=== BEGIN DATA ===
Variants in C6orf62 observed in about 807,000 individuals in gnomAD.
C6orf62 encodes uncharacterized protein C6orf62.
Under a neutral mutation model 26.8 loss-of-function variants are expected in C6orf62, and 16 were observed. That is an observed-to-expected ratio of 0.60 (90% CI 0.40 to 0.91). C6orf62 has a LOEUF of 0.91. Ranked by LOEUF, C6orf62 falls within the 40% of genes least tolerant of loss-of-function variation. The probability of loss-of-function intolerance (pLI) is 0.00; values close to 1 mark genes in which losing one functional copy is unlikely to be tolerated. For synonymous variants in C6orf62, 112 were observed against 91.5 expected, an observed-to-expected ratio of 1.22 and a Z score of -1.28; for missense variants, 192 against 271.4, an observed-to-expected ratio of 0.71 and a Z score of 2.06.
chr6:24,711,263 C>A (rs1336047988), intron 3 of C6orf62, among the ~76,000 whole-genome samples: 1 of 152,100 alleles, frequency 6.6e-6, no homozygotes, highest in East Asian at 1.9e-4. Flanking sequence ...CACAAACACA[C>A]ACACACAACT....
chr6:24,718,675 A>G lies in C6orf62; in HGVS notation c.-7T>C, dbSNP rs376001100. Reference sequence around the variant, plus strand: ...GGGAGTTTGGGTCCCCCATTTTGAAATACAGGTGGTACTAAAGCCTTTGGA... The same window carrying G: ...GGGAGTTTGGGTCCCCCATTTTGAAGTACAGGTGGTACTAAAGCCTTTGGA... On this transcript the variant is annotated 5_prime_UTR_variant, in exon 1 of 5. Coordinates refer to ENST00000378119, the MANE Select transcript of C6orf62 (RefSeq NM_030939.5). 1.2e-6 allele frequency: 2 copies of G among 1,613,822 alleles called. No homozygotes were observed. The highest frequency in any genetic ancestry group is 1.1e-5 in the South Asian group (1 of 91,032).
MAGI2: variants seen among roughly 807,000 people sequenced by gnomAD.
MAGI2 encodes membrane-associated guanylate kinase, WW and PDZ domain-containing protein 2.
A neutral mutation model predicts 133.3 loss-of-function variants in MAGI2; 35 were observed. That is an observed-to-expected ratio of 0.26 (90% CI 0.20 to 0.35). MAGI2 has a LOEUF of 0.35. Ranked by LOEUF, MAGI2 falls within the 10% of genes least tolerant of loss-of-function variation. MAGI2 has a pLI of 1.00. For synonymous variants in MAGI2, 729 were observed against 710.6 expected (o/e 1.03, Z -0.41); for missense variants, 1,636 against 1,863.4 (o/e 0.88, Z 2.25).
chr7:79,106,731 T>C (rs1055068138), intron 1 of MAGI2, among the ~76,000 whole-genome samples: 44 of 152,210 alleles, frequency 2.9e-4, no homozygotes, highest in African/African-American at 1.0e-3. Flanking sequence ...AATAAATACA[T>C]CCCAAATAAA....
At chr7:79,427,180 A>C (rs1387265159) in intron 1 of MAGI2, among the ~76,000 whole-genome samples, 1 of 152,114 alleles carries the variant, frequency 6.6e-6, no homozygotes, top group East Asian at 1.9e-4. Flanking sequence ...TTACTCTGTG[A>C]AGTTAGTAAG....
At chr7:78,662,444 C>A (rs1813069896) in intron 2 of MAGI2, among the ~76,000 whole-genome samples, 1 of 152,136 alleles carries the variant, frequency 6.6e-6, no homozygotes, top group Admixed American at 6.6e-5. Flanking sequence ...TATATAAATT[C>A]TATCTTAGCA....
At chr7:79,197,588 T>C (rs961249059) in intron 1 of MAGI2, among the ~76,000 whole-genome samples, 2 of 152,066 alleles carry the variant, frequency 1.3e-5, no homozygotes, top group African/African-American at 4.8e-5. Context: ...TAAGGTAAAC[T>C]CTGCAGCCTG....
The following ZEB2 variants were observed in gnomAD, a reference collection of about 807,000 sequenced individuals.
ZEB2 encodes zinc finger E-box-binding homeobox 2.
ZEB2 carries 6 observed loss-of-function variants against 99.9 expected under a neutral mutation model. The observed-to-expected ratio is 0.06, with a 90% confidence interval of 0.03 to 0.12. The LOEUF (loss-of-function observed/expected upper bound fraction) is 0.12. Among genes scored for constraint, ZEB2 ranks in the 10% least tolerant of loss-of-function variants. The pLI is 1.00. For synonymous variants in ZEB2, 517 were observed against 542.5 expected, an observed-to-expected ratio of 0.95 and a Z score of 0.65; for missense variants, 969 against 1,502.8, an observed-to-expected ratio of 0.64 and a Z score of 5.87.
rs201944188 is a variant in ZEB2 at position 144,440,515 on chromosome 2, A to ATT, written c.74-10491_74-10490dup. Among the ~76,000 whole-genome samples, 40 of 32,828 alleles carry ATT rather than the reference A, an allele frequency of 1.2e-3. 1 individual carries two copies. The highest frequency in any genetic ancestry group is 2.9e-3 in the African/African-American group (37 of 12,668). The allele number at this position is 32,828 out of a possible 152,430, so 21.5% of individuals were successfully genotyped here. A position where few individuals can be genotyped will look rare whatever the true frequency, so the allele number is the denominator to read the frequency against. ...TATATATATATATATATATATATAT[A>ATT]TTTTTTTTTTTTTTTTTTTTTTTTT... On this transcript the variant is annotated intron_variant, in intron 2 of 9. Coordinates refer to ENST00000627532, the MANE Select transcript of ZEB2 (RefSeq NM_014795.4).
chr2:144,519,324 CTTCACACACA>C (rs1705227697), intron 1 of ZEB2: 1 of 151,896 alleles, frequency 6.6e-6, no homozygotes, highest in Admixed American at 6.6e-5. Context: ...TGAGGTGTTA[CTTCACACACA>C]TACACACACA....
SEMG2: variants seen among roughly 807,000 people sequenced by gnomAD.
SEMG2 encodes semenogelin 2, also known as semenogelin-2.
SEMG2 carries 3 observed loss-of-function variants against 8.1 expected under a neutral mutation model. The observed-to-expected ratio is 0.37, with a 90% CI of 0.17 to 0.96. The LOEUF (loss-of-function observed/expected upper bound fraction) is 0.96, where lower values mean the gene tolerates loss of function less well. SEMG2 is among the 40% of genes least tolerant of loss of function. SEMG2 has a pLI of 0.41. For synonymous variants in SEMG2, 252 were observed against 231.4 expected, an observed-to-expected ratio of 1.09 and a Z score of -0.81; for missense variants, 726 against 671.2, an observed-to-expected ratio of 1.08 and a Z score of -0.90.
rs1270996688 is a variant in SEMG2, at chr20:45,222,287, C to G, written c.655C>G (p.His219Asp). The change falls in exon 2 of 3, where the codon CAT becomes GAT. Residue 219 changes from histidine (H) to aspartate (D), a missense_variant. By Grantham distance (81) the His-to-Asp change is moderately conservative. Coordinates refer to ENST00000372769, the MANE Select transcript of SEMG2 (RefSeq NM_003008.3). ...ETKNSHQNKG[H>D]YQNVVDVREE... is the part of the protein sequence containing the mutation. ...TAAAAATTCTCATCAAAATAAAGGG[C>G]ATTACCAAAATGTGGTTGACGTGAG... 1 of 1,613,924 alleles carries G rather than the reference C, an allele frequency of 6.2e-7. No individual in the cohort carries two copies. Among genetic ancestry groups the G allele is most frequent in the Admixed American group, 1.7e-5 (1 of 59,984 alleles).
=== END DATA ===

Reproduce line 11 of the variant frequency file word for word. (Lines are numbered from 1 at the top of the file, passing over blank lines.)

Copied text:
At chr7:78,662,444 C>A (rs1813069896) in intron 2 of MAGI2, among the ~76,000 whole-genome samples, 1 of 152,136 alleles carries the variant, frequency 6.6e-6, no homozygotes, top group Admixed American at 6.6e-5. Flanking sequence ...TATATAAATT[C>A]TATCTTAGCA....